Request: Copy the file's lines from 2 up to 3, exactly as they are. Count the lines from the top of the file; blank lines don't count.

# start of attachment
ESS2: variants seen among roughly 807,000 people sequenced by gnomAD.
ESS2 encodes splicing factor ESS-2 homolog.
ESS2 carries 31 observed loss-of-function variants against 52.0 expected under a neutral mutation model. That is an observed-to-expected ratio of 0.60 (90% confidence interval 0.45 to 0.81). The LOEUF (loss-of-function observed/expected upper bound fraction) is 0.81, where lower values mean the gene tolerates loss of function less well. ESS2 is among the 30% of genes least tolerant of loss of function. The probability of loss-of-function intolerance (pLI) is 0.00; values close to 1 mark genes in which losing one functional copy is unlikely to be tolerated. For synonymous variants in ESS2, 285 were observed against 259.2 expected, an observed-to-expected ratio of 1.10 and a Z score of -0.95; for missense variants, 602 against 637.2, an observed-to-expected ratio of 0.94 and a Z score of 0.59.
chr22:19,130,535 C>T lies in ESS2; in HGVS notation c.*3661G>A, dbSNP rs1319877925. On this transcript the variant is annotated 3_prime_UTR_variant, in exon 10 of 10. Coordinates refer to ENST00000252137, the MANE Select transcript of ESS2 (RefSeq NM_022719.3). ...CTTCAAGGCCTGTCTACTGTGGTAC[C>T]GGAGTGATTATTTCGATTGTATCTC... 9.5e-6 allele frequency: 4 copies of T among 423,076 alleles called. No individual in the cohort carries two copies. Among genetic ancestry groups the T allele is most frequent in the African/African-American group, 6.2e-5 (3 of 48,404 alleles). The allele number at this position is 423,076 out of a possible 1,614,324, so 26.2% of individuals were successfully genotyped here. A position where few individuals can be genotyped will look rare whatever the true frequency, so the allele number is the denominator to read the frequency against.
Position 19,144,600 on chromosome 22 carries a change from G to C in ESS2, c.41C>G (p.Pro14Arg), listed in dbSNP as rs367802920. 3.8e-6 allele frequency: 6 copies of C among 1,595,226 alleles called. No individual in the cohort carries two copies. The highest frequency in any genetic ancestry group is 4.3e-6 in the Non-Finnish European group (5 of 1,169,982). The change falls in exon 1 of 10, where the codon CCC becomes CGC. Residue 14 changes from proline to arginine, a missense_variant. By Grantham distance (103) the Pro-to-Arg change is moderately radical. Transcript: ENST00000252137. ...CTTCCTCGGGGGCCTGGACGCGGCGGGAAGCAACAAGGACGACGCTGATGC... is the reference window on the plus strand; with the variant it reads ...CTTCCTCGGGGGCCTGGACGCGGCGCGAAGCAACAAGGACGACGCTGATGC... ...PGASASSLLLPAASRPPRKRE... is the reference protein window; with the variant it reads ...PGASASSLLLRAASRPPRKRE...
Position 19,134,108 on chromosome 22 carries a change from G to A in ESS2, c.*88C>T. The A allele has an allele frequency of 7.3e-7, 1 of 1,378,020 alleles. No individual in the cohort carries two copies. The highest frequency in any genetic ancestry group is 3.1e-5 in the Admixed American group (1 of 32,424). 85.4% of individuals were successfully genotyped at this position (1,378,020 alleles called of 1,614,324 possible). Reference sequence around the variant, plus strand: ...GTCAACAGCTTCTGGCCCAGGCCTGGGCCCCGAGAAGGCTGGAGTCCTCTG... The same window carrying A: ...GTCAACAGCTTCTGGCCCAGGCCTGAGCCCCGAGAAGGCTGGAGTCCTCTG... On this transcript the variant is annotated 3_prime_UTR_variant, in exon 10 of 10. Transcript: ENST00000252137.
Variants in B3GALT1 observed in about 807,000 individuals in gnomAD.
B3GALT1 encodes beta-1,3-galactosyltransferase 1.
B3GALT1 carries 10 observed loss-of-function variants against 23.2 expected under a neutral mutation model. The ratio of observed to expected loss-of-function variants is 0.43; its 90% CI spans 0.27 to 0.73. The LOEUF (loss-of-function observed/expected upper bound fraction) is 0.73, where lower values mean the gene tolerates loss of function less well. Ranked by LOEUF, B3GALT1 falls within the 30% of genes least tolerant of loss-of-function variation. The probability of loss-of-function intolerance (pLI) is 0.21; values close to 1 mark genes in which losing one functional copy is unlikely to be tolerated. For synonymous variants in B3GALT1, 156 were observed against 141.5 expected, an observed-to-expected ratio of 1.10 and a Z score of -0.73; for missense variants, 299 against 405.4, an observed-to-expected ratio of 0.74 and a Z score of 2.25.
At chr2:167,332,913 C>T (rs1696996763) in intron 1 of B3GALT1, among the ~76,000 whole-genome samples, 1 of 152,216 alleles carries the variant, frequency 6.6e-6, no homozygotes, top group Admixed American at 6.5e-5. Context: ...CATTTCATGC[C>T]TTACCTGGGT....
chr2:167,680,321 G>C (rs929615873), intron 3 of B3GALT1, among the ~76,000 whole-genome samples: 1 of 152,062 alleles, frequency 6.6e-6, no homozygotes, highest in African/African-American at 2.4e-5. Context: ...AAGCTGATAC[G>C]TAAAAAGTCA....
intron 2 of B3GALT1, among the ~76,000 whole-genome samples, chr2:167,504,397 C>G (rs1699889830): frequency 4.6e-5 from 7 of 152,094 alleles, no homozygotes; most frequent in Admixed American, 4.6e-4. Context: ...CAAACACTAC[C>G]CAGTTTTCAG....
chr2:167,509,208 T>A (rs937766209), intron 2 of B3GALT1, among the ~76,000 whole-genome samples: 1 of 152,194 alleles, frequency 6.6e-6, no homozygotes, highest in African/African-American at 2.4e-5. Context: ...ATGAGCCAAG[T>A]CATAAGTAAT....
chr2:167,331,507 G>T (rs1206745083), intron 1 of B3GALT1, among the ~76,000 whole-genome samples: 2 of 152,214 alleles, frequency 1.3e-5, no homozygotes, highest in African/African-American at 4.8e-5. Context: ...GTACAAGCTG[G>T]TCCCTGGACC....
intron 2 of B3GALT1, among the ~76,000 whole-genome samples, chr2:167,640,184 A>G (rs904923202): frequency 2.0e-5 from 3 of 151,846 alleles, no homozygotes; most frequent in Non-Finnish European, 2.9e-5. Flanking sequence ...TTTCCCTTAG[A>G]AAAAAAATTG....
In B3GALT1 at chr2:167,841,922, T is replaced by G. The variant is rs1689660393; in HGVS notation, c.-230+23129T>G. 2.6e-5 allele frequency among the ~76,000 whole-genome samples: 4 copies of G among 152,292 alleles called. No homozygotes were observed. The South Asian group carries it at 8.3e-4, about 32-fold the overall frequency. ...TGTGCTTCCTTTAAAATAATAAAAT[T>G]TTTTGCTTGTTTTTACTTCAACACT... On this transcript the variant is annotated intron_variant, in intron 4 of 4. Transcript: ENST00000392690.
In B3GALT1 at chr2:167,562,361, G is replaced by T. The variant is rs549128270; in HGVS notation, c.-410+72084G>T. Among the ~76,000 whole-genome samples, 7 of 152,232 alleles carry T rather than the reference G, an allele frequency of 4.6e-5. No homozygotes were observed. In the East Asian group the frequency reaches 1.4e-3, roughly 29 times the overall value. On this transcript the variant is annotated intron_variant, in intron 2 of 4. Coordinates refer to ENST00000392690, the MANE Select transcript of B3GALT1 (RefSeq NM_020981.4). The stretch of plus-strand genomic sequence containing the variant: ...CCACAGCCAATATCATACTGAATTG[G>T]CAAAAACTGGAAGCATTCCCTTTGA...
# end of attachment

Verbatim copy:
ESS2 encodes splicing factor ESS-2 homolog.
ESS2 carries 31 observed loss-of-function variants against 52.0 expected under a neutral mutation model. That is an observed-to-expected ratio of 0.60 (90% confidence interval 0.45 to 0.81). The LOEUF (loss-of-function observed/expected upper bound fraction) is 0.81, where lower values mean the gene tolerates loss of function less well. ESS2 is among the 30% of genes least tolerant of loss of function. The probability of loss-of-function intolerance (pLI) is 0.00; values close to 1 mark genes in which losing one functional copy is unlikely to be tolerated. For synonymous variants in ESS2, 285 were observed against 259.2 expected, an observed-to-expected ratio of 1.10 and a Z score of -0.95; for missense variants, 602 against 637.2, an observed-to-expected ratio of 0.94 and a Z score of 0.59.